Screenshot of the RGOverlayCanvas.

Define the game state

We are onto the final parts of the integration! We now need to indicate what information the bot has access to in the game (referred to here as the game's "state"), and which actions the bot can perform.

First, let's define some state information. Regression Games marks states for bot consumption using the [RGState] attribute. This attribute can be applied to any public method that returns a value or any public variable within a MonoBehaviour. Any values designated this way are automatically passed to your bots.

First, open the Assets/FirstBotDemo/Demo/Scripts/Player/PlayerAttack.cs file, and add the following method to the class. This will allow our bot to know when it is currently in an attack animation (make sure to import any missing imports, with using RegressionGames;):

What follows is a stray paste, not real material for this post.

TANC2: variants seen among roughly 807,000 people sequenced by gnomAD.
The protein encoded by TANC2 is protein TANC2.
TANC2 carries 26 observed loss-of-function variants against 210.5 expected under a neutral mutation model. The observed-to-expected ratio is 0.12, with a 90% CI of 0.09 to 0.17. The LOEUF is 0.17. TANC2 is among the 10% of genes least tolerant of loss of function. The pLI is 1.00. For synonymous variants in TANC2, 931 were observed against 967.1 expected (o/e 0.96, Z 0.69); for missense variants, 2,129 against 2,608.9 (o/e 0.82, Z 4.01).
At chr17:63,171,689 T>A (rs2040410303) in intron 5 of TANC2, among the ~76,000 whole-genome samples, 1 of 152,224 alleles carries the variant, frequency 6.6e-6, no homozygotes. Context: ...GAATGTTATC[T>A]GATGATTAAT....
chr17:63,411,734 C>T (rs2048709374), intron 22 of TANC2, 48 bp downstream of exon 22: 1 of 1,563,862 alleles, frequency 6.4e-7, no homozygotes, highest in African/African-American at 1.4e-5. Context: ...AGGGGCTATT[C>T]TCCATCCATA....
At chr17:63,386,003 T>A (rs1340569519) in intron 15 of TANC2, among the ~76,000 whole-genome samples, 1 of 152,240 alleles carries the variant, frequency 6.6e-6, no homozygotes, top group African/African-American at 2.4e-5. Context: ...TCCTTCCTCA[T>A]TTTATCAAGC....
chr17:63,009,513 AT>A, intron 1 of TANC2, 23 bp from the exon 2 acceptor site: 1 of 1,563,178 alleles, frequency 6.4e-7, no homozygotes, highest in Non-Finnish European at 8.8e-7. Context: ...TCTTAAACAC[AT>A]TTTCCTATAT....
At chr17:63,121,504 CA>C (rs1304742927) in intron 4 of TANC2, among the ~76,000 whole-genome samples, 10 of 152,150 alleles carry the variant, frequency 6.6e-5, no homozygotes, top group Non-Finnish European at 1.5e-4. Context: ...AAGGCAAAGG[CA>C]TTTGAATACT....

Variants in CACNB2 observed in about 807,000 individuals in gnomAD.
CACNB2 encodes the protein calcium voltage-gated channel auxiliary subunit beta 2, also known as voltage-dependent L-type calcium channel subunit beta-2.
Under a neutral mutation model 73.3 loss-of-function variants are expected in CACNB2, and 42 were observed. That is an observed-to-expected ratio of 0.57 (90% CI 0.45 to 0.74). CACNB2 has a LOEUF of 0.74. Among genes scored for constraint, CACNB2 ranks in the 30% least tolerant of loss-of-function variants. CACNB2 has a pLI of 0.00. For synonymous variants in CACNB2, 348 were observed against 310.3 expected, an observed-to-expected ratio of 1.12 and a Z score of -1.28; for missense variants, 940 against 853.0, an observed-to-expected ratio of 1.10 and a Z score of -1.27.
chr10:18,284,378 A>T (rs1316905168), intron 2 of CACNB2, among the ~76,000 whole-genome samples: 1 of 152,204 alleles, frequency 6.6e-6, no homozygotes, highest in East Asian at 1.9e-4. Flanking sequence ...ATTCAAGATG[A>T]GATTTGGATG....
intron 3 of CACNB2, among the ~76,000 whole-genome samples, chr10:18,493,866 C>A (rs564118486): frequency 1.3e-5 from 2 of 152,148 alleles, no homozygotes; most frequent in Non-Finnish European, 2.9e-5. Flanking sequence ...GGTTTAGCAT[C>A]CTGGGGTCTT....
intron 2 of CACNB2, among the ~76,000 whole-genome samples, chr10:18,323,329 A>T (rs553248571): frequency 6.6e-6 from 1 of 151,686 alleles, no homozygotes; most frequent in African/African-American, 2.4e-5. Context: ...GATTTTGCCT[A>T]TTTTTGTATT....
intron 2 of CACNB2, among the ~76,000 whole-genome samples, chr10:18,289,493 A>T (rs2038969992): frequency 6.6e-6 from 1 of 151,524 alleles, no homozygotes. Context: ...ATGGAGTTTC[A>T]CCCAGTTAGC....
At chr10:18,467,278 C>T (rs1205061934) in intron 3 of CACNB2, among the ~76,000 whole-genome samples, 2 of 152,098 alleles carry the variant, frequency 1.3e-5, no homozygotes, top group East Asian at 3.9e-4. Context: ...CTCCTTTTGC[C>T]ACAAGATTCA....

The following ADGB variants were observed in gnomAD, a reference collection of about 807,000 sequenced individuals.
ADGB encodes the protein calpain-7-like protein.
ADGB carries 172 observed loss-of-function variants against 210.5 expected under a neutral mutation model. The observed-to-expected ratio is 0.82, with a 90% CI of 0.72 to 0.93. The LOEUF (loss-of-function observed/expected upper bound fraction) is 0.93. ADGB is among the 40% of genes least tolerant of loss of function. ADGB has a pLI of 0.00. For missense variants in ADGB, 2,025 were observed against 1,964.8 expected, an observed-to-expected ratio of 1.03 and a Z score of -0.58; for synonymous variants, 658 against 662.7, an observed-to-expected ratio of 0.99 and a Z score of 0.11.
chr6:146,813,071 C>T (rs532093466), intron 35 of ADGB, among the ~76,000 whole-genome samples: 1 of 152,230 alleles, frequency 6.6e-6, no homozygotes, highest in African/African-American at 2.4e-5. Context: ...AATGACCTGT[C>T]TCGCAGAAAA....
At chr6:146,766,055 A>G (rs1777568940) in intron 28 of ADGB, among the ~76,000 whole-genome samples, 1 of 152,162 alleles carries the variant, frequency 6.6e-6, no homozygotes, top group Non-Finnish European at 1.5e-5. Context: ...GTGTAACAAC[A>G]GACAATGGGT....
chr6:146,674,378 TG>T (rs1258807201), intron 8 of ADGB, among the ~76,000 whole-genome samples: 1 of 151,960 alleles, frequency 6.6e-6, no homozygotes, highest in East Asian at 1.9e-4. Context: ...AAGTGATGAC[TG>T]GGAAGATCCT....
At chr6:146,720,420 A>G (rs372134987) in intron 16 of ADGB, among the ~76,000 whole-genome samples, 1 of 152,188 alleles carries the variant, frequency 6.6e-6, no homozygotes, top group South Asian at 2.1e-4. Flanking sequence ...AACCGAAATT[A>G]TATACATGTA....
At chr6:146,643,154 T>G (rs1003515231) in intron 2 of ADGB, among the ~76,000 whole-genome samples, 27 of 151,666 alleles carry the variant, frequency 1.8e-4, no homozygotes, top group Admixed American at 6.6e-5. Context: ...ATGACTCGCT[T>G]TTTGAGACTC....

[RGState]
public bool IsAttacking()
{
return !string.IsNullOrEmpty(_attackAnimation) && _animator.GetBool(_attackAnimation);
}

Then, within the Assets/FirstBotDemo/Demo/Scripts/EnemyController.cs file, add the following attributes to the existing CurrentHp field and GetTotalHp() method. Note that these attributes can only be used on public fields, properties, or methods.

// Near line 19
[RGState("CurrentHealth")]
[NonSerialized]
public int CurrentHp;

....

// Near line 141
/*
* Gets the enemy's total HP from its assigned info
*/
[RGState("MaxHealth")]
public int GetTotalHp()
{
if (!enemyInfo)
{
Debug.LogError($"{gameObject.name} is missing entity info. Please check the inspector and assign missing fields");
return default;
}
return enemyInfo.hp;
}